When employees think of performance management, they often think of the negatives — here’s how to build on strengths in the workplace and create more productive and happier employees.
Most employees hate performance reviews. Performance management itself often suffers from a bad reputation, which is often because organisations haven’t refined their processes.
Sometimes, organisations become set in their ways and refuse to adapt or embrace new performance management trends. Sometimes, communication breakdown is the problem and infrequent contact drives a wedge between management and employee. Another crucial factor is that, more often than not, staff appraisals focus on weaknesses over key employee strengths.
During traditional behavioural assessments or performance review discussions, the emphasis is placed heavily on the negative — where the employee needs to improve — rather than highlighting, and working with, employee strengths. Though this approach may seem sensible, there’s a lot of research suggesting that it’s wiser to consider what your employees already bring to the table. According to a 2019 study from Gallup, only 10.4% of U.S. workers felt engaged after receiving negative feedback, and four out of five said they were actively or passively looking for a new job.
What research tells us about employee strengths and weaknesses in performance appraisals
One of the first studies looking at the effect of focusing on key strengths and weaknesses in performance reviews was carried out by the Corporate Leadership Council (now Gartner) in 2002. The survey involved 19,000 employees and managers. They found that placing emphasis on performance strengths during formal reviews can increase employee performance by up to 36%. When emphasising personality strengths, performance improved by up to 21%. Conversely, the study found that highlighting weaknesses is a“performance killer”, decreasing performance by up to 27%.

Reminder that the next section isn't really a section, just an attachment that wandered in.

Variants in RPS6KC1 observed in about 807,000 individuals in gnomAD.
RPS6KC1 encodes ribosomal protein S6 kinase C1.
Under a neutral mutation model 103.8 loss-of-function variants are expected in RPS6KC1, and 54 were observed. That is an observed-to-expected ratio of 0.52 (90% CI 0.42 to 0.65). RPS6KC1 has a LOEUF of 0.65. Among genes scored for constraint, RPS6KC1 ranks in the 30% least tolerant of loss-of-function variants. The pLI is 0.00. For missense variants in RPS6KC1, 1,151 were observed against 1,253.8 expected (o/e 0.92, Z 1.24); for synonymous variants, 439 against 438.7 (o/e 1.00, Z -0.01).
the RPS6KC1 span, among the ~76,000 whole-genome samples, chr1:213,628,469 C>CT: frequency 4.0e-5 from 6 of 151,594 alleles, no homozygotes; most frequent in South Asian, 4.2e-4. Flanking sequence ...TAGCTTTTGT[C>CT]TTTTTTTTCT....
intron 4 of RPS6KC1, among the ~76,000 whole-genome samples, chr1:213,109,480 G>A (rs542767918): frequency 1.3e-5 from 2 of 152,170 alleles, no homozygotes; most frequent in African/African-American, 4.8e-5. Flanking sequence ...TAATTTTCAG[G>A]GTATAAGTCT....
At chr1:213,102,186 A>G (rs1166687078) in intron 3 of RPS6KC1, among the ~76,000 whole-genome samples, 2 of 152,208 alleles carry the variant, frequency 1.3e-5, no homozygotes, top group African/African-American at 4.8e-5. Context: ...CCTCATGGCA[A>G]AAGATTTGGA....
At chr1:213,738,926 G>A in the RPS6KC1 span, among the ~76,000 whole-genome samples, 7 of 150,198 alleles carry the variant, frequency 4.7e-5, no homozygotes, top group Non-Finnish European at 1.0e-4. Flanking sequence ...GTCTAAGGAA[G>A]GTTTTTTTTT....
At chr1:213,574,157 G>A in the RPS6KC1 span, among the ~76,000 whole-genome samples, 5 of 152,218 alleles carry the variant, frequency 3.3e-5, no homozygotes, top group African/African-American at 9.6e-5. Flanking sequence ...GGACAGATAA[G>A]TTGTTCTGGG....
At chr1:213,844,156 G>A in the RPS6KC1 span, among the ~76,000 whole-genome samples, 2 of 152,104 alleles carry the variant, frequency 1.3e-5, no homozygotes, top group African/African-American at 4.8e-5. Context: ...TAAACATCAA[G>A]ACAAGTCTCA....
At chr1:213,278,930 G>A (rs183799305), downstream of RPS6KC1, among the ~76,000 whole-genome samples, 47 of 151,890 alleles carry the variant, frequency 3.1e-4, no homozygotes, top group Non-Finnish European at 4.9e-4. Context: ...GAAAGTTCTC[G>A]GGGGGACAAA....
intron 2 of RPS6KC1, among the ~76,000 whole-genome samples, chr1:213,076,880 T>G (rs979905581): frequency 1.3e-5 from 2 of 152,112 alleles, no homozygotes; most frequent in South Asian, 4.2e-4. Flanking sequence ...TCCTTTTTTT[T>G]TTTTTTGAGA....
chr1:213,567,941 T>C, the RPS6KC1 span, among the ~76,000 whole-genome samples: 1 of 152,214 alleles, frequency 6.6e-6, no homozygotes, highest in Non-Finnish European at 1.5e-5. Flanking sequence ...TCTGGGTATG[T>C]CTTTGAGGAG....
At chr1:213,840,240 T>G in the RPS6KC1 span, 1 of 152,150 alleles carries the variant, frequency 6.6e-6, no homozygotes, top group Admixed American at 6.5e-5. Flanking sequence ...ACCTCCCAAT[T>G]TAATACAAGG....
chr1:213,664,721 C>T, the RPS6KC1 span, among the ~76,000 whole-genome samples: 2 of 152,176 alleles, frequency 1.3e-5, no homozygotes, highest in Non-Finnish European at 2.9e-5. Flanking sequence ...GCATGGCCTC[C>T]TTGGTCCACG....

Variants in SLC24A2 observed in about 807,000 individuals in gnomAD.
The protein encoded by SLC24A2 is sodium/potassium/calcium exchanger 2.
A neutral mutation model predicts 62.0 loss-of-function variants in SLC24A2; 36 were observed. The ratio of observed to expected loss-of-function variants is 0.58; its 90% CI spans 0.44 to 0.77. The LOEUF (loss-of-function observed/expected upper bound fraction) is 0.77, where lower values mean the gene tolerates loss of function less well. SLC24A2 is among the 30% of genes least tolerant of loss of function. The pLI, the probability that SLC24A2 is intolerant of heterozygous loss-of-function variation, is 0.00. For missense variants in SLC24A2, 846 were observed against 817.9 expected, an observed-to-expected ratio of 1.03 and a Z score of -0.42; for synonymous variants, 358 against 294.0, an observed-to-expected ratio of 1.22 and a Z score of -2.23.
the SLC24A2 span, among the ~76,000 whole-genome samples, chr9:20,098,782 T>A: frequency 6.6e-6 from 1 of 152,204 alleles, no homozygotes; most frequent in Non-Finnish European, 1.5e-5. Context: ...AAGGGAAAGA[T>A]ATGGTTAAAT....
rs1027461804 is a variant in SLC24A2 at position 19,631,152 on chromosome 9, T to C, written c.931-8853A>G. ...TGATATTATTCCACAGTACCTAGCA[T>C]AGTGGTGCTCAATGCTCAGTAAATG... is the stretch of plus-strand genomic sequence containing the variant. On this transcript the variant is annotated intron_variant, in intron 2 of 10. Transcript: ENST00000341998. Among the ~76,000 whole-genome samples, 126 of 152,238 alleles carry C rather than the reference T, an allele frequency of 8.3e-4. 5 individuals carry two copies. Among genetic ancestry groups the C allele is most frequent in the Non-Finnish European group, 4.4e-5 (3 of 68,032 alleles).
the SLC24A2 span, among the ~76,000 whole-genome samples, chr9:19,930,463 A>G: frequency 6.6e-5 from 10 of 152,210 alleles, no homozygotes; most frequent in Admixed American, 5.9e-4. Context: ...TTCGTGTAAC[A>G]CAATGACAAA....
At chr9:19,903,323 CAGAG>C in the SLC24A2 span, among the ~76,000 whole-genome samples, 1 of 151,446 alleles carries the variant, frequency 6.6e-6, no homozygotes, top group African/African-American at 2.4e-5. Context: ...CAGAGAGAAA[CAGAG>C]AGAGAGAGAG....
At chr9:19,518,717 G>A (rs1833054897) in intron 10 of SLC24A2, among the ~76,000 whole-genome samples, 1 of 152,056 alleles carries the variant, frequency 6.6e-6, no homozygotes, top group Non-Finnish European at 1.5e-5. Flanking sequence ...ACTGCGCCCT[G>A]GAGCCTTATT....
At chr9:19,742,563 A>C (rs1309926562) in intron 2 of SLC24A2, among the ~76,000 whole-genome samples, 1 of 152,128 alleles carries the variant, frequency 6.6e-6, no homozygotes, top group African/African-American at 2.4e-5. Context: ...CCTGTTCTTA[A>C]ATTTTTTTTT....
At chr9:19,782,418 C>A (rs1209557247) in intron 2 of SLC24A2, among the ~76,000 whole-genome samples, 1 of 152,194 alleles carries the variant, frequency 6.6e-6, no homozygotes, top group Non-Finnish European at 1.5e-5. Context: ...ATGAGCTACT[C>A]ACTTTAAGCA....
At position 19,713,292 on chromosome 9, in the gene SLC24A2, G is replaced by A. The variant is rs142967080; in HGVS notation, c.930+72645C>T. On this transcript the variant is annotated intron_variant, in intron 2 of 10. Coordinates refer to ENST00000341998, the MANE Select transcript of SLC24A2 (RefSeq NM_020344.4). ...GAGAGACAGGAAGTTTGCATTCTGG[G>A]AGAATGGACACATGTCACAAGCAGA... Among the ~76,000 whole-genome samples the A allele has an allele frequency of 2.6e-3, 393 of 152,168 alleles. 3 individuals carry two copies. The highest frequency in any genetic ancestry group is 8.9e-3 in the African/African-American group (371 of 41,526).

Further research by Gallup found that managers who received strengths feedback showed 12.5% greater productivity, and their business units showed 8.9% greater profitability. In 2011, McKinsey & Company published a book, also confirming that a focus on improving strengths improved performance much more than when staff appraisals focused on weaknesses.
In more recent research, a 2020 study from Tilburg University investigated the effects of strength-based performance appraisals, finding that those performance ratings focused on strengths were associated with stronger motivation to improve among employees. Strength-based feedback is a continuously developing area of research, with several more studies showing the benefits of a strengths-based approach to employee performance and engagement.
These findings give us tremendous insight, but if we think about our experiences, they shouldn’t come as a surprise. We’re all at our most productive when playing to our strengths and completing tasks we enjoy.
The psychology of positive thinking and focusing on strengths
The father of Positive Psychology, Martin Seligman, once said that for an individual to be really happy and live a meaningful life, they must first recognise their unique strengths. They must then be allowed to use these to contribute to something bigger than themselves. Research supporting this statement showed that when people tried using their strengths in new ways each day for just one week, they were happier and less depressed six months later. Furthermore, a focus on strengths has been shown to make employees more creative and engaged while they are at work.
How knowing and using strengths benefits organisations
In a study by Rigoni and Asplund based on data from 1.2 million employees worldwide, 90% of organisations using a strengths-based approach reported a 9 – 15% increase in employee engagement and 14 – 29% increased profit. People who use their strengths effectively are widely reported to benefit from the following:
Higher levels of motivation
Greater professional success
Lower stress levels
Greater job satisfaction
Improved relationship building at work.
Identifying and using employee strengths can only benefit organisations, making them stronger and more highly performing than their competitors. When a workforce is encouraged to play to its strengths, it becomes energised, motivated, and effective.